Dezsö J. Horváth, dean of the Schulich School of Business at York University, is among 50 prominent Hungarian-Canadians included in a national exhibition that commemorates the anniversary of the Hungarian Revolution, which began 50 years ago. The official anniversary of the start of the 1956 October uprising was Monday, Oct. 23.
Right: Schulich Dean Dezsö J. Horváth. Photo by Babak
The exhibition, commissioned and produced by the National Arts Centre, pays homage to the extraordinary contributions to Canadian society made by accomplished Hungarian-Canadians.
Titled NEW LIVES: 50 Stories Chronicling the Hungarian-Canadian Experience, the exhibition features portraits by V. Tony Hauser, one of Canada’s most celebrated portrait photographers, as well as written statements from the 50 honourees expressing their passion for Canada.
Other prominent Hungarian-Canadians featured in the exhibition include: Peter Munk, founder and chairman of Barrick Gold, the world’s largest gold mining corporation; Frank Hasenfratz, the founder and chairman of Linamar, one of Canada’s largest automotive parts producers; Nobel prize-winning scientist John Polanyi; film producer Robert Lantos; and National Post columnist and author George Jonas.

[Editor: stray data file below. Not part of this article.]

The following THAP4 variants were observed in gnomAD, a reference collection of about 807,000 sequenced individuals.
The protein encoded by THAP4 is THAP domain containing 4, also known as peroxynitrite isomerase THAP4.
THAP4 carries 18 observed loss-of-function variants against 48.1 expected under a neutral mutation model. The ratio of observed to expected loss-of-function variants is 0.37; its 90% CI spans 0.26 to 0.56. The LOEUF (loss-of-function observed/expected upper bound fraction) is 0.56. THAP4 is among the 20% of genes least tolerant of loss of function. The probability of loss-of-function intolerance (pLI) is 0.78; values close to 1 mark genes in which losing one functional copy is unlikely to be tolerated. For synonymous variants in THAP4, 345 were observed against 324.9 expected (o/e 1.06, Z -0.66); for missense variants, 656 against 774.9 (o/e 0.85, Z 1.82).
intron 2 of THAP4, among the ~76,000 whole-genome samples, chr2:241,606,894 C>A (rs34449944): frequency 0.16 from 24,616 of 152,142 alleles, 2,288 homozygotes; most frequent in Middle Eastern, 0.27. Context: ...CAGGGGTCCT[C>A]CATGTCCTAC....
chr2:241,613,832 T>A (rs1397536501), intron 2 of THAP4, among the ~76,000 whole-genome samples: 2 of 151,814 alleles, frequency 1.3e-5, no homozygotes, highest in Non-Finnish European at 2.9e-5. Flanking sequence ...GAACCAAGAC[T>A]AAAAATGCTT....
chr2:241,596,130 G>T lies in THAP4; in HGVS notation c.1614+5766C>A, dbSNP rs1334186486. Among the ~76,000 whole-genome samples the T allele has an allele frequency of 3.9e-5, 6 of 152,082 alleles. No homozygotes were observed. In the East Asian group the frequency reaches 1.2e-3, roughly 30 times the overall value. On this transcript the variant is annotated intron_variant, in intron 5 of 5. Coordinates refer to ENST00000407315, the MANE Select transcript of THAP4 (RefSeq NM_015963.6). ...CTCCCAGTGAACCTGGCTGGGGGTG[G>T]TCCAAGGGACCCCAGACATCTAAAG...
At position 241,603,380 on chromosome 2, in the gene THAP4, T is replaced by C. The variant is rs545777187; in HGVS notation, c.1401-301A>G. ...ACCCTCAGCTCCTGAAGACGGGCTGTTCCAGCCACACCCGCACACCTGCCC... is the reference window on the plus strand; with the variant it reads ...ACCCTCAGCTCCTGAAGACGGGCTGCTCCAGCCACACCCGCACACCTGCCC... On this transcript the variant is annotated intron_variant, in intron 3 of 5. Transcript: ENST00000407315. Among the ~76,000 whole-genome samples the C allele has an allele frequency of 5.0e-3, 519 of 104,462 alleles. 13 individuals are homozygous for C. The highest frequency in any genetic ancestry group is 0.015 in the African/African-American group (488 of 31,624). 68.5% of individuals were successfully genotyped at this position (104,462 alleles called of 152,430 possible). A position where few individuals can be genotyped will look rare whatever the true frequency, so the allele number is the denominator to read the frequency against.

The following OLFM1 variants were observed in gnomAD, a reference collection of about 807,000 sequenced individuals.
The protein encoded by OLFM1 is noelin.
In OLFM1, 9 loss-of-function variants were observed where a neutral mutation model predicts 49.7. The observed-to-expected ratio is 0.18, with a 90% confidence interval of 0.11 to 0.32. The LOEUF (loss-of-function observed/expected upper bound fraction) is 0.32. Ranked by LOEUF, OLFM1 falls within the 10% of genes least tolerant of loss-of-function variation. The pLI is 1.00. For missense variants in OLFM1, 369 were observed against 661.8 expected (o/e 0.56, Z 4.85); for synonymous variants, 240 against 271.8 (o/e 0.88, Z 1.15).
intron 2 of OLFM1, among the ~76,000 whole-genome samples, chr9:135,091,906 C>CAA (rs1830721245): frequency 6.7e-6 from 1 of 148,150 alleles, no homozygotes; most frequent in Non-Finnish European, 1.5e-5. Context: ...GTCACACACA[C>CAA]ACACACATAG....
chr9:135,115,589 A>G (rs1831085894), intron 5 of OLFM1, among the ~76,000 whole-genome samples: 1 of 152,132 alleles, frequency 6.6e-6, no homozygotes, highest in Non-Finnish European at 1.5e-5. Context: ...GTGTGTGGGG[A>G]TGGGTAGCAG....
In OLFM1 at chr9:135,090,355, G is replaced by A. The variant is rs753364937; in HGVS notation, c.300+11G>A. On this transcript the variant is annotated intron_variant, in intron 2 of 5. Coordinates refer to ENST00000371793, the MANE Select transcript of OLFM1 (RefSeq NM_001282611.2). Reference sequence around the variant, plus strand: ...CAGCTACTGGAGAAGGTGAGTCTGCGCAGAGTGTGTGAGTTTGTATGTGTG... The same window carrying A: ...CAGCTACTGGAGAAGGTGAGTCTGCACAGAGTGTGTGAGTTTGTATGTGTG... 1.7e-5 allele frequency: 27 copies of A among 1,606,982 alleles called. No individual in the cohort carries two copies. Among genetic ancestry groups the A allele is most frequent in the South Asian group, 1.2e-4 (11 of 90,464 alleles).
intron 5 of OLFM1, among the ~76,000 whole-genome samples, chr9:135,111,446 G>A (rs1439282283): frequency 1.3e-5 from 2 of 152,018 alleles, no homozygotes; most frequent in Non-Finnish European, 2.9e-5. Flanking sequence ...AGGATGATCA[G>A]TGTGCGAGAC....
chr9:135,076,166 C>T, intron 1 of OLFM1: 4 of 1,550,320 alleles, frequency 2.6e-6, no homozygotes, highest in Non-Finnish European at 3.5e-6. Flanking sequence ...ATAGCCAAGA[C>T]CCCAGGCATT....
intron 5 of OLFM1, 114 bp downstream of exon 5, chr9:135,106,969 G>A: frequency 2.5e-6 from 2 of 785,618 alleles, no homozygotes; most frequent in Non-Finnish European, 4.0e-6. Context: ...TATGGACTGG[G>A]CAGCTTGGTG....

Three members of the Schulich Dean’s Advisory Council are also featured in the exhibition. They are: H. Thomas Beck, founder of Noma Industries and president of Fernhill Holdings; Leslie L. Dan, founder and chairman of the Novopharm Group of Companies; and Anna Porter, former president and publisher of Key Porter Books.
“It’s an honour to be included among such a select group of Canadians,” said Horváth. “I am especially proud to share this honour with three distinguished members of my Advisory Council here at Schulich.”
The exhibition is coming to Toronto later this week and will be on display at The Munk Centre for International Studies at the University of Toronto on Friday, Oct. 27, and Saturday, Oct. 28, and then again at the Allan Lambert Galleria in BCE Place from Nov. 18 to Dec. 2. The exhibition will then move to Pier 21 in Halifax from Dec. 8 to Jan. 31, 2007, before making its way back to Ottawa, where it will become part of the permanent collection of Library and Archives Canada.